Chances are, you’ve grown bored while standing in the soapy confines of your shower, waiting for the conditioner to rinse from your hair and have read a Dr. Bronner’s soap bottle to pass time. Notoriously packed with text, Dr. Bronner’s labels oft-contain thought-provoking stanzas by Rudyard Kipling, "Moral ABC’s," inspiring company history and the proclamation, “Absolute cleanliness is Godliness!”
But rolling out in September, just in time for election season, the quart-sized Dr. Bronner’s liquid soap bottle may contain something a little more political: a Thomas Paine-esque label outlining GMOs, and the importance of Washington’s I-522 initiative. Not only does the label call on soap users to vote “Yes on 522” by Tuesday, November 5th, but also the label offers tangible information on the GMO-labeling issue.
“The close loss on Prop 37, California’s GMO labeling initiative, has sparked a nationwide movement to label genetically engineered foods. Connecticut and Maine have passed labeling laws, but do not take effect until major New England states pass labeling,” the label reads. “It’s wrong that American democracy is hijacked by pesticide manufacturers who spend vast sums of money to keep consumers in the dark.”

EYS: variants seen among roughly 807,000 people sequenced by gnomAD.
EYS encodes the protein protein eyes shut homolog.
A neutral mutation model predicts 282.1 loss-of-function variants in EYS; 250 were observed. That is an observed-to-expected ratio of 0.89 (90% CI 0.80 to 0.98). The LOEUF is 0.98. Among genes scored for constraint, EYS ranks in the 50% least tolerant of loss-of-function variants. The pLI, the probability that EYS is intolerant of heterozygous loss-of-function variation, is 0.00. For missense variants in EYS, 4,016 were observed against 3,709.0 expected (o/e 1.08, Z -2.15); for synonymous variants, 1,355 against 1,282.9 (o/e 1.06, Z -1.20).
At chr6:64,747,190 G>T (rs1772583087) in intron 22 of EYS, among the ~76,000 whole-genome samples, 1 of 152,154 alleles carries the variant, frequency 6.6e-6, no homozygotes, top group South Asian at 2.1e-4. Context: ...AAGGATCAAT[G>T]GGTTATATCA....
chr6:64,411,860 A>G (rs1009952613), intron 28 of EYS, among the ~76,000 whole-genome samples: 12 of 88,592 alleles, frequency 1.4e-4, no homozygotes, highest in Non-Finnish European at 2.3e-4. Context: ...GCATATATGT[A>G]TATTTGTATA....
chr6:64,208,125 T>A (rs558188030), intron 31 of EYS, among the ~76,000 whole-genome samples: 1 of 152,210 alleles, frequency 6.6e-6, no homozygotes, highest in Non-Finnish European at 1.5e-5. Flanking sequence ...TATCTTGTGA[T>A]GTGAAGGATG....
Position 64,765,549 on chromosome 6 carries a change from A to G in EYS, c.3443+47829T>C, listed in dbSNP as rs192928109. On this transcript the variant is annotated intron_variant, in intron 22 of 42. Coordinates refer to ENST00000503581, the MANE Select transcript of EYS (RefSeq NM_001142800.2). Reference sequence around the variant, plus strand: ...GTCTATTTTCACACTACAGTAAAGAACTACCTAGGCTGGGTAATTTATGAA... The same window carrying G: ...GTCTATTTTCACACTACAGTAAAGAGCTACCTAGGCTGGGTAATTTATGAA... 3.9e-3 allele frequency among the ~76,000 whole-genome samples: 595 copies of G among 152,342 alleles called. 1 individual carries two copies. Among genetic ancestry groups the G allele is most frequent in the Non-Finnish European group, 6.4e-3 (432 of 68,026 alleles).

Now that’s dedication toward a cause! Dr. Bronner’s is a longtime supporter of issues integral to the natural industry, such as organic, fair trade, hemp legalization and of course, non-GMOs. But I am incredibly impressed by Bronner’s keen, pointed pedagogy. The company is communicating the GMO issue to people attuned to the natural industry. (I suspect the majority of Dr. Bronner’s customers care about where ingredients come from.)
The next step? How can we communicate this message to those that don’t know—or don’t even care—about the GMO issue?
Pehaps the "GMO OMG" documentary may be just the thing.